PDA

View Full Version : JamPlay Bass Check-In



Chris.Smith
06-18-2014, 11:24 AM
Hello Jamplay Bass Players!

Just wanted to check in with you and see how it's going with bass lessons here at JamPlay. Are there any genres you'd like to see more of? Less of? What about skill levels? More or less beginner stuff? Intermediate? Advanced?

We are constantly looking to improve the content on the site, and of course, we appreciate and consider all the feedback we get from our community out there!

- Chris
Jamplay.com Content Producer

pink midnight
06-23-2014, 06:52 AM
I think it would be great to be able to access the songwriting lessons.

Chris.Smith
06-25-2014, 10:15 AM
That's a great thought, pink midnight. I'll throw it out to the guys and see what they think. If anything, it would be interesting to explore songwriting from a bass perspective.

-Chris
JamPlay.com Content Producer

rba2124
07-12-2014, 08:32 PM
I've been looking at the beginner lessons. So far, none of them have had any related documents/materials. It would be nice to have bass tabs for the exercises and bass lines. If the lesson presenter is doing anything more complicated than walking half steps with one finger per fret in 4/4, I can't tell which finger is fretting, let alone write fast enough to get all the positions recorded for future reference.

oldshepster
07-12-2014, 09:27 PM
I'd like to see at least one lesson a week. Specifically I'm looking for help learning/improving the bass lines for some of the songs my band plays. In some cases, I'm looking for dumbed down bass lines I can play while I get up to speed, then I can build up from there (ex. Galway Girl). In other cases, the band wants me to 'busy up' the bass line since we are a three piece and I could use some suggestions (ex. Honky Tonk Woman).

Thanks for listening,
Shep

platofunfactory
07-16-2014, 07:36 PM
I'd love to see a little more structure. Specifically, I'd either like to have the teacher describe how to get the most out of any exercise they introduce or else have a guide in the supplemental info that says "Practice this exercise for X minutes or until you can Y at Z pace, then move on to the next lesson."

I'd also be delighted to see more jam-along tracks. I think those are a great tool for practicing writing bass lines and learning groove.

Chris.Smith
07-17-2014, 12:45 PM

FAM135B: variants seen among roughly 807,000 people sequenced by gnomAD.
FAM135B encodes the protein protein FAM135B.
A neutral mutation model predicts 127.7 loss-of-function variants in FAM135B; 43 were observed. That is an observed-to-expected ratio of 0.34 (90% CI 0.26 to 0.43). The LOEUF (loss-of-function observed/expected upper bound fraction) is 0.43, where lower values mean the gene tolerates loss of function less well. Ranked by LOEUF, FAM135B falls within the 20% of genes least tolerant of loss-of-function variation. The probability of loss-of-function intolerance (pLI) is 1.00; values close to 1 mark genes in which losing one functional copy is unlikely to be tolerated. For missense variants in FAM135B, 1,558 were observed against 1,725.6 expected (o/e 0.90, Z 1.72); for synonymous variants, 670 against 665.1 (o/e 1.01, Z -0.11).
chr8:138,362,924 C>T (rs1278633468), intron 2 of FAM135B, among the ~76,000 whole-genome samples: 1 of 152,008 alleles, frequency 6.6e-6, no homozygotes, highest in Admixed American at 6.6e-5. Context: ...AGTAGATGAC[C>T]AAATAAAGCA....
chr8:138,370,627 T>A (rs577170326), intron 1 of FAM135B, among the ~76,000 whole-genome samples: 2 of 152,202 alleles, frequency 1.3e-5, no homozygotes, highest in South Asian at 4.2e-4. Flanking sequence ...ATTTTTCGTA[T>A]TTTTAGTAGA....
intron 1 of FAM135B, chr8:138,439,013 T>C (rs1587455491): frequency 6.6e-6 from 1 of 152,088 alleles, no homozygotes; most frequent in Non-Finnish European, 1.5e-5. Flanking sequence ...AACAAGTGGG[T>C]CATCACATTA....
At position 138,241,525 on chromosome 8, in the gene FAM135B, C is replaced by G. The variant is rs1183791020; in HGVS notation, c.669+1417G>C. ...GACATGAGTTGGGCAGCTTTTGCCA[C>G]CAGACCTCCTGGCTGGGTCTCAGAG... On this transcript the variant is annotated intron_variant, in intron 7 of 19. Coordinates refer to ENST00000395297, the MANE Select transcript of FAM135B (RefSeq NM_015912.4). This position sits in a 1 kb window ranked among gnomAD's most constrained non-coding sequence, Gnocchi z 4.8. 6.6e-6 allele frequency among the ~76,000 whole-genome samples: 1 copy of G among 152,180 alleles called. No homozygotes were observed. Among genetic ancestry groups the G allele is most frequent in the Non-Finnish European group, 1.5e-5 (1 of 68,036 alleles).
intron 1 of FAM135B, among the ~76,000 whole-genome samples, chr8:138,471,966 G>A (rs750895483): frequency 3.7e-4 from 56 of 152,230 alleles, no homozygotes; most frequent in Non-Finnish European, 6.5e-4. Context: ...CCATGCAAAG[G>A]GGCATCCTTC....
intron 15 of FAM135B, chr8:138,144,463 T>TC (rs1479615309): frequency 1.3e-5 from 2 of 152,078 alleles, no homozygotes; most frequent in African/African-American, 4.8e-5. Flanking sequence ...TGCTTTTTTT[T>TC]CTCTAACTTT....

Thanks for all of your thoughts everyone! I will look into some the issues, and explore the ideas with some of the others on our team. Great to get the feedback!

- Chris
Jamplay.com Content Producer

jazzart
08-30-2014, 01:44 PM
That's a Great Idea.

I've been looking at the beginner lessons. So far, none of them have had any related documents/materials. It would be nice to have bass tabs for the exercises and bass lines. If the lesson presenter is doing anything more complicated than walking half steps with one finger per fret in 4/4, I can't tell which finger is fretting, let alone write fast enough to get all the positions recorded for future reference.

rarebird0
09-01-2014, 02:52 PM
I've been looking at the beginner lessons. So far, none of them have had any related documents/materials. It would be nice to have bass tabs for the exercises and bass lines. If the lesson presenter is doing anything more complicated than walking half steps with one finger per fret in 4/4, I can't tell which finger is fretting, let alone write fast enough to get all the positions recorded for future reference.That's JamPlay's Achilles heel. From a conceptual standpoint on all levels they see the video as the primary and the actual documentation as "supplemental". That usually means a time and logistical lapse between finding the documentation which is absolutely explicit whereas the best any angle of video of the back of someone's hands is more implicit than explicit. Therefore the so-called "supplemental" is really primary and the video should be supportive with integration of the documentation as a completely illustrated lesson on one screen. I brought this up and spoke at length (2 hours) witha Jamplay rep who PMed me his number. I'm afraid they are invested already way to heavily in their assumptions and fundamental change of that order won't be forthcoming any time soon.

I'm joined up to the guitar and bass offerings as well as a member of their competitors and am an instructional designer with 25 years experience that predates the internet where instructional delivery by computer to teach a number of things (except music so far). This gives me my perspective. I have also been an activist in educational reform communities and have learned the hard way that what the problem really is is that new educational initiatives should get the human learner right in what they can handle and what motivates them rather than just shifting around conventional "stuff" and thinking it an "improvement".